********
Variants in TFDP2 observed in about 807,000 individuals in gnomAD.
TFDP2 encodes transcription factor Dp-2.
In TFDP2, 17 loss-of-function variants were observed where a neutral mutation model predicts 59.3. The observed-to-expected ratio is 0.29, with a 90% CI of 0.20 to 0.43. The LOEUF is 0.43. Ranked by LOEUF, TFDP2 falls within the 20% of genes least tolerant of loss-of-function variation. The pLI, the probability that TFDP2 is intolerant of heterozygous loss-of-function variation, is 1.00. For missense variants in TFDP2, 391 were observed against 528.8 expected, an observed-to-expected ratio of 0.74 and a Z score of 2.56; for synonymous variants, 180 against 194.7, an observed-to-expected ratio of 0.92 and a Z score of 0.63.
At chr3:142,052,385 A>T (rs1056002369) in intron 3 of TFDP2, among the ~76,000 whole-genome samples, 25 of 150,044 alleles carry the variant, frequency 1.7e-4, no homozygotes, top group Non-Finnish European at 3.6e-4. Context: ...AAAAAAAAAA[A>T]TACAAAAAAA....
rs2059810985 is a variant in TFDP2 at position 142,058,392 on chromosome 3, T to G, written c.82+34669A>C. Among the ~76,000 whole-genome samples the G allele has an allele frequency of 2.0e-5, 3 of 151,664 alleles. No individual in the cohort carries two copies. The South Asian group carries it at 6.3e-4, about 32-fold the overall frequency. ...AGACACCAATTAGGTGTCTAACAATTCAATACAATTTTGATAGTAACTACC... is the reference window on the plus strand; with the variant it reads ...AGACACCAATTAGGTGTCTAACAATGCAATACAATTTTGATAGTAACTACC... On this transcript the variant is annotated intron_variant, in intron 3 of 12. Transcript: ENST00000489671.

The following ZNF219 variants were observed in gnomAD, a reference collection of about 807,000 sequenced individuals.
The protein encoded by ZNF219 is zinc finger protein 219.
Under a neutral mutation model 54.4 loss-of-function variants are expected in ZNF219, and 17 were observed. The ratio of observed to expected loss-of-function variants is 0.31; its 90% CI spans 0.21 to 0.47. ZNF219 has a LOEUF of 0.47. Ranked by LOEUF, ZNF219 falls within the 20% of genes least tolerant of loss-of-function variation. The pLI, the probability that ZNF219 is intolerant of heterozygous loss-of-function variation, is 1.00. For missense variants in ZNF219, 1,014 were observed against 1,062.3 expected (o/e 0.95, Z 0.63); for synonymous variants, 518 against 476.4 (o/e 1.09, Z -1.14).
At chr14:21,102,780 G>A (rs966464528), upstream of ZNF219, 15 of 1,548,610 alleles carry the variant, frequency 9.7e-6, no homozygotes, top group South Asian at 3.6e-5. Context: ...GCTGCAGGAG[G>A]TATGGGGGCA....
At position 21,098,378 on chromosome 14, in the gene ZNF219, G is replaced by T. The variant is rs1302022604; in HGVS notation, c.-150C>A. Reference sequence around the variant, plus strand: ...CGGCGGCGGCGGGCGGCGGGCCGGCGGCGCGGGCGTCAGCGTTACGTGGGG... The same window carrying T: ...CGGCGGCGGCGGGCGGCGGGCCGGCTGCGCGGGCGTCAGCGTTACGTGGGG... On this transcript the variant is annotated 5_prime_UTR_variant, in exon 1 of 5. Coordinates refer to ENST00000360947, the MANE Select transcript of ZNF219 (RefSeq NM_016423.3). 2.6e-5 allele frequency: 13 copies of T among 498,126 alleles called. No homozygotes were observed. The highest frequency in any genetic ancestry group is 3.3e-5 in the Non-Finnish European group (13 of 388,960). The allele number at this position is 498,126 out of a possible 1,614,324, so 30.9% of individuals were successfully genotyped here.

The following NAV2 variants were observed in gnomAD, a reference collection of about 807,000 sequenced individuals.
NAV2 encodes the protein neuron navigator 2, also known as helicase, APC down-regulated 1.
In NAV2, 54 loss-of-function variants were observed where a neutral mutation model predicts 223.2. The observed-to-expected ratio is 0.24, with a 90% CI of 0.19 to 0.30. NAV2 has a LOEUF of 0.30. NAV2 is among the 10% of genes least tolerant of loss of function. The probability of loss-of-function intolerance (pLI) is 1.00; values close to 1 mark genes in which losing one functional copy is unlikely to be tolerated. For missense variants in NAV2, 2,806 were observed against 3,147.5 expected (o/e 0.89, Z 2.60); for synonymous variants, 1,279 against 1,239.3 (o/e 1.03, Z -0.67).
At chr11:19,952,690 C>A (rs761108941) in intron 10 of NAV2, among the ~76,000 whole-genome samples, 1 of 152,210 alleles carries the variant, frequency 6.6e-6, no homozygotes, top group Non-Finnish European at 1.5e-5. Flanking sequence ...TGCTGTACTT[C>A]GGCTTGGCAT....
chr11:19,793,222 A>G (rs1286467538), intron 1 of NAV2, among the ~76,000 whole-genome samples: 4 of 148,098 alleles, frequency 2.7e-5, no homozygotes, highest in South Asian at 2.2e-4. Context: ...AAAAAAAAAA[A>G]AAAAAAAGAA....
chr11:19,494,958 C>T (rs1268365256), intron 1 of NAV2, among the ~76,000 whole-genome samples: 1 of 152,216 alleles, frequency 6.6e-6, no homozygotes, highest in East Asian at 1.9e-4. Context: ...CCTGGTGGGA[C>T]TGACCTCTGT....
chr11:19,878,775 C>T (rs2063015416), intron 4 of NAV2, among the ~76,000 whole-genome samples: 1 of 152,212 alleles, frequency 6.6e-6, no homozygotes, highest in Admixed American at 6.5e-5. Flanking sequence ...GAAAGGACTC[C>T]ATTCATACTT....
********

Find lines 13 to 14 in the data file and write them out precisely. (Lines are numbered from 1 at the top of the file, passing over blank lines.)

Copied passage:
In NAV2, 54 loss-of-function variants were observed where a neutral mutation model predicts 223.2. The observed-to-expected ratio is 0.24, with a 90% CI of 0.19 to 0.30. NAV2 has a LOEUF of 0.30. NAV2 is among the 10% of genes least tolerant of loss of function. The probability of loss-of-function intolerance (pLI) is 1.00; values close to 1 mark genes in which losing one functional copy is unlikely to be tolerated. For missense variants in NAV2, 2,806 were observed against 3,147.5 expected (o/e 0.89, Z 2.60); for synonymous variants, 1,279 against 1,239.3 (o/e 1.03, Z -0.67).
At chr11:19,952,690 C>A (rs761108941) in intron 10 of NAV2, among the ~76,000 whole-genome samples, 1 of 152,210 alleles carries the variant, frequency 6.6e-6, no homozygotes, top group Non-Finnish European at 1.5e-5. Flanking sequence ...TGCTGTACTT[C>A]GGCTTGGCAT....